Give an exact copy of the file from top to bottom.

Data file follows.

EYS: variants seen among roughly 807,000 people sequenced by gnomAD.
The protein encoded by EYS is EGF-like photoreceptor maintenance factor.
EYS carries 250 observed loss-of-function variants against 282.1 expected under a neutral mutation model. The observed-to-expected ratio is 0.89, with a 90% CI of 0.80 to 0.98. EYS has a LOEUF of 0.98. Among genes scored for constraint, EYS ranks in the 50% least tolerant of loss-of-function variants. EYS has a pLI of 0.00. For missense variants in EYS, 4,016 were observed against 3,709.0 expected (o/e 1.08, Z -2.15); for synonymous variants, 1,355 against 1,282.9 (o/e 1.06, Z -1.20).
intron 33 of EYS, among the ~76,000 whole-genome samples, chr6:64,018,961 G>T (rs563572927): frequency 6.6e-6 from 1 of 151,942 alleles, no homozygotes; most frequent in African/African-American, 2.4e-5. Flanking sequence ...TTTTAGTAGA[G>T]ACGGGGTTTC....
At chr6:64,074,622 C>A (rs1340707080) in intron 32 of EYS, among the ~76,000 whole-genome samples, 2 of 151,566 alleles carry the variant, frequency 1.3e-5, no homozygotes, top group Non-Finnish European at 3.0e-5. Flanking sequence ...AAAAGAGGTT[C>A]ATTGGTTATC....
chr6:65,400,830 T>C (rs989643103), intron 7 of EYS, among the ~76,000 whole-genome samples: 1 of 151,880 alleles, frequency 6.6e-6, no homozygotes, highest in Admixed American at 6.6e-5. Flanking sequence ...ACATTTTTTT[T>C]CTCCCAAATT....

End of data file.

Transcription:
EYS: variants seen among roughly 807,000 people sequenced by gnomAD.
The protein encoded by EYS is EGF-like photoreceptor maintenance factor.
EYS carries 250 observed loss-of-function variants against 282.1 expected under a neutral mutation model. The observed-to-expected ratio is 0.89, with a 90% CI of 0.80 to 0.98. EYS has a LOEUF of 0.98. Among genes scored for constraint, EYS ranks in the 50% least tolerant of loss-of-function variants. EYS has a pLI of 0.00. For missense variants in EYS, 4,016 were observed against 3,709.0 expected (o/e 1.08, Z -2.15); for synonymous variants, 1,355 against 1,282.9 (o/e 1.06, Z -1.20).
intron 33 of EYS, among the ~76,000 whole-genome samples, chr6:64,018,961 G>T (rs563572927): frequency 6.6e-6 from 1 of 151,942 alleles, no homozygotes; most frequent in African/African-American, 2.4e-5. Flanking sequence ...TTTTAGTAGA[G>T]ACGGGGTTTC....
At chr6:64,074,622 C>A (rs1340707080) in intron 32 of EYS, among the ~76,000 whole-genome samples, 2 of 151,566 alleles carry the variant, frequency 1.3e-5, no homozygotes, top group Non-Finnish European at 3.0e-5. Flanking sequence ...AAAAGAGGTT[C>A]ATTGGTTATC....
chr6:65,400,830 T>C (rs989643103), intron 7 of EYS, among the ~76,000 whole-genome samples: 1 of 151,880 alleles, frequency 6.6e-6, no homozygotes, highest in Admixed American at 6.6e-5. Flanking sequence ...ACATTTTTTT[T>C]CTCCCAAATT....